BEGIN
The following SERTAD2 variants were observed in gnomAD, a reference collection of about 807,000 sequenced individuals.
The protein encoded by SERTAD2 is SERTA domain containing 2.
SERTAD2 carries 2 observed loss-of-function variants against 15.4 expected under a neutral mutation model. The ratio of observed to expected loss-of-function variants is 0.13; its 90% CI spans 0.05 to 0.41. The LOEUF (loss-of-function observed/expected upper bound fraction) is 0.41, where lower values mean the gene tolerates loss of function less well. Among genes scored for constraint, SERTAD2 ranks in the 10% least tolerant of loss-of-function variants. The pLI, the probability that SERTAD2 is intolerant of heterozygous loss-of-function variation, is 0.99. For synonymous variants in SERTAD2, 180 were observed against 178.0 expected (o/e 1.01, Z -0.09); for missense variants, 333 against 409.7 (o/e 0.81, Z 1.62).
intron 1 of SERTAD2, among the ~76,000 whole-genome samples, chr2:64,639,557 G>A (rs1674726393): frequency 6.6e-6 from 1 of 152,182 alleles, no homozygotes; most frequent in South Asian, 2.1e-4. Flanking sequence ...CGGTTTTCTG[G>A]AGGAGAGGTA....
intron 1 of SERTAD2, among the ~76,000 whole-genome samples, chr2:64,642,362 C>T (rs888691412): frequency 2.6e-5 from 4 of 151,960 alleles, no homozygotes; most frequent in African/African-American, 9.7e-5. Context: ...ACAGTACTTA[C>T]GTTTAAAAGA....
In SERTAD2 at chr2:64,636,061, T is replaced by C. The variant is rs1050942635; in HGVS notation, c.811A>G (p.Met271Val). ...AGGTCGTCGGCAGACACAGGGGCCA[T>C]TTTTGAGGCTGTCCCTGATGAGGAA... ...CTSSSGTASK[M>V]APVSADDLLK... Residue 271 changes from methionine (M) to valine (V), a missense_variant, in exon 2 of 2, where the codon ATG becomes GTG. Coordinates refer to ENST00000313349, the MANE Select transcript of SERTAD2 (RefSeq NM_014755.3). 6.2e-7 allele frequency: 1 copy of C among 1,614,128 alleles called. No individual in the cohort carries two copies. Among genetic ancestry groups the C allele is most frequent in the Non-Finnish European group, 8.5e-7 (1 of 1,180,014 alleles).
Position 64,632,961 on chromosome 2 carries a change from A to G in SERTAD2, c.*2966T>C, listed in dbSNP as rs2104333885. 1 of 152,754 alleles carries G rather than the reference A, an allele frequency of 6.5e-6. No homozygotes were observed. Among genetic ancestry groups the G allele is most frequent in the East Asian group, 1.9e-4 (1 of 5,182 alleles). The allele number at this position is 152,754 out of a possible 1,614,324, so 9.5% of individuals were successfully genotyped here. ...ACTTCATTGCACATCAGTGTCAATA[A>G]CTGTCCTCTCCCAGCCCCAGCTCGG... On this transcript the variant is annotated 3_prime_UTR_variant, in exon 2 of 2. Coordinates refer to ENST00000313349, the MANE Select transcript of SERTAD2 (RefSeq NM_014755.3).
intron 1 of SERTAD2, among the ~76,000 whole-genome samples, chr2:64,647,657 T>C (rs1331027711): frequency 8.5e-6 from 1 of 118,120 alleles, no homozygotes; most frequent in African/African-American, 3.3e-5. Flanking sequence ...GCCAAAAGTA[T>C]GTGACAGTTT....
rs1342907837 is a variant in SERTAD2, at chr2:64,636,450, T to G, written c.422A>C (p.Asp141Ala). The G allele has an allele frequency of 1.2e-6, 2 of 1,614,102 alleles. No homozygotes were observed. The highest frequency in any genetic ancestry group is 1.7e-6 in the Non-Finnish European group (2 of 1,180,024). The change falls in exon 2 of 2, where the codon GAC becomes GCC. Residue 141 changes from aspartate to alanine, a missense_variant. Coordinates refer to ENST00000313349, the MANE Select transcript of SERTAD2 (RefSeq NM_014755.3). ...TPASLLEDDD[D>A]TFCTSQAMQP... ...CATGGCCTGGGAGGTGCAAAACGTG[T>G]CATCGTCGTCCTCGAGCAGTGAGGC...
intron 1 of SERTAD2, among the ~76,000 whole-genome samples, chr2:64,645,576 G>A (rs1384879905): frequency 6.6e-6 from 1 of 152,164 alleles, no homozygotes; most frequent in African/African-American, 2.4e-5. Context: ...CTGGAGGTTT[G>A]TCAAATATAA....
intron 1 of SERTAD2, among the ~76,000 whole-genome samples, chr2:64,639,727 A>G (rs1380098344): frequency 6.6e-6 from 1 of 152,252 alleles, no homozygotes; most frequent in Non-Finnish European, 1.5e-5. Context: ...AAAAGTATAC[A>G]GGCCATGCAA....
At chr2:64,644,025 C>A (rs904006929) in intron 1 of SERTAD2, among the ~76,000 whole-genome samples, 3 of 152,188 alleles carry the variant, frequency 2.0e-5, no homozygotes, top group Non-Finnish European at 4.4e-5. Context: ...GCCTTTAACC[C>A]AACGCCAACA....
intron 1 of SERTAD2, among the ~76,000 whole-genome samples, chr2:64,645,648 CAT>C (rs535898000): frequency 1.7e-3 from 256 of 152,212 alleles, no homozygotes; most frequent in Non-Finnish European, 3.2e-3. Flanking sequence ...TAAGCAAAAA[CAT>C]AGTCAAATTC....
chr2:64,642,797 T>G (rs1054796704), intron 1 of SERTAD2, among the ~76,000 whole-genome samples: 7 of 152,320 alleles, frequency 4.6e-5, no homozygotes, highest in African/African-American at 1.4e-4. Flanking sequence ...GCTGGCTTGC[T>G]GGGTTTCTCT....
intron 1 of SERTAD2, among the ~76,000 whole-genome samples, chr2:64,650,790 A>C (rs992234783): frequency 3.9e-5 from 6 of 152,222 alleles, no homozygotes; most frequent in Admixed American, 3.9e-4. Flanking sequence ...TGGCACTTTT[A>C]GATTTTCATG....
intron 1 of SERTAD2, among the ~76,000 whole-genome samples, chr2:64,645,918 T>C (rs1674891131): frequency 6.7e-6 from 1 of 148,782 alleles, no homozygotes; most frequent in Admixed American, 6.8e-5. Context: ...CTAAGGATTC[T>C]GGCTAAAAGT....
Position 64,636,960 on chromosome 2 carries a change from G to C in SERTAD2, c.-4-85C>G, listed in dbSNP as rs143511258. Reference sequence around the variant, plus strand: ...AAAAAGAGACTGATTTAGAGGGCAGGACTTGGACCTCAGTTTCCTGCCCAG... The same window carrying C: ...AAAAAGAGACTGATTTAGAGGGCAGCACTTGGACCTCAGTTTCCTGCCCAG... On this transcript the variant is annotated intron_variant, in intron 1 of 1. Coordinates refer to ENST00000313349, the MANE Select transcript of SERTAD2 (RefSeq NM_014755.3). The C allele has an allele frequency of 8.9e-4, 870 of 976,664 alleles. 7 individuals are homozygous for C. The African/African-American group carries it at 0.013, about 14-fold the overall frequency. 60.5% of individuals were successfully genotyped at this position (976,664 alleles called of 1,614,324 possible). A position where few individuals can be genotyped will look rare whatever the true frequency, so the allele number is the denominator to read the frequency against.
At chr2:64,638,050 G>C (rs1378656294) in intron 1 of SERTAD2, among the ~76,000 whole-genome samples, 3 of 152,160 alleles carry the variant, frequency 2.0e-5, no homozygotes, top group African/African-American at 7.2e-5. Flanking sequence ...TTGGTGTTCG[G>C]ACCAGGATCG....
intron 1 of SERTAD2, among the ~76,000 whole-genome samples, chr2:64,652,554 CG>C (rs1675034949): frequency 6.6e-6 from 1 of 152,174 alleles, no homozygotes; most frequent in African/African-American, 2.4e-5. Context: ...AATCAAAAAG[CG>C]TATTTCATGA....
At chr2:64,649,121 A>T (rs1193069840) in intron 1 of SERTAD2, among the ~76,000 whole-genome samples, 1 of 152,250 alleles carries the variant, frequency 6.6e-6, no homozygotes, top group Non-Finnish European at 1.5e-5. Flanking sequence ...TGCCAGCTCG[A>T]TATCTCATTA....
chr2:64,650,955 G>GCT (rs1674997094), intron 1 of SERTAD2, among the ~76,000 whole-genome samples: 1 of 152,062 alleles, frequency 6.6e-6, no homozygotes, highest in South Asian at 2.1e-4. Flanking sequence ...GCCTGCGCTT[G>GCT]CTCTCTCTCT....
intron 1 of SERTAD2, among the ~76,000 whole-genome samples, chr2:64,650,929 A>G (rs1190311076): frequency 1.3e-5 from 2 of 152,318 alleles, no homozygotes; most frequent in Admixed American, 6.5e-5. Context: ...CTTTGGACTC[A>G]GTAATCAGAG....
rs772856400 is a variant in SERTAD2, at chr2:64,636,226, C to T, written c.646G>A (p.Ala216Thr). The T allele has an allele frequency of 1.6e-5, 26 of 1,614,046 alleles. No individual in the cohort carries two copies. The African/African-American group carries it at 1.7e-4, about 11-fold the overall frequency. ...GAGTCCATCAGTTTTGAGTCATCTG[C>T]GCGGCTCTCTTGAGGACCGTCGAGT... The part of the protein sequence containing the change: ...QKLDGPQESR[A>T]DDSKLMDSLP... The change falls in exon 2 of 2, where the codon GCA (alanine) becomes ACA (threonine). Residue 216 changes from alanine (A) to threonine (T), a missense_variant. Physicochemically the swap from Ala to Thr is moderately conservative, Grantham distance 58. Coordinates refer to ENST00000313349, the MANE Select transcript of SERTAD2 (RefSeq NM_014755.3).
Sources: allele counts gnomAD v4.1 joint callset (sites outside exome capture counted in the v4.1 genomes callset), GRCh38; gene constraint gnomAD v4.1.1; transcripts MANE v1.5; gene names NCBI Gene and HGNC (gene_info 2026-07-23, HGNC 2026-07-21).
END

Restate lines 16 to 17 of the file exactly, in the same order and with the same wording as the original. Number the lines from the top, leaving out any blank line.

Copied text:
intron 1 of SERTAD2, among the ~76,000 whole-genome samples, chr2:64,645,918 T>C (rs1674891131): frequency 6.7e-6 from 1 of 148,782 alleles, no homozygotes; most frequent in Admixed American, 6.8e-5. Context: ...CTAAGGATTC[T>C]GGCTAAAAGT....
Position 64,636,960 on chromosome 2 carries a change from G to C in SERTAD2, c.-4-85C>G, listed in dbSNP as rs143511258. Reference sequence around the variant, plus strand: ...AAAAAGAGACTGATTTAGAGGGCAGGACTTGGACCTCAGTTTCCTGCCCAG... The same window carrying C: ...AAAAAGAGACTGATTTAGAGGGCAGCACTTGGACCTCAGTTTCCTGCCCAG... On this transcript the variant is annotated intron_variant, in intron 1 of 1. Coordinates refer to ENST00000313349, the MANE Select transcript of SERTAD2 (RefSeq NM_014755.3). The C allele has an allele frequency of 8.9e-4, 870 of 976,664 alleles. 7 individuals are homozygous for C. The African/African-American group carries it at 0.013, about 14-fold the overall frequency. 60.5% of individuals were successfully genotyped at this position (976,664 alleles called of 1,614,324 possible). A position where few individuals can be genotyped will look rare whatever the true frequency, so the allele number is the denominator to read the frequency against.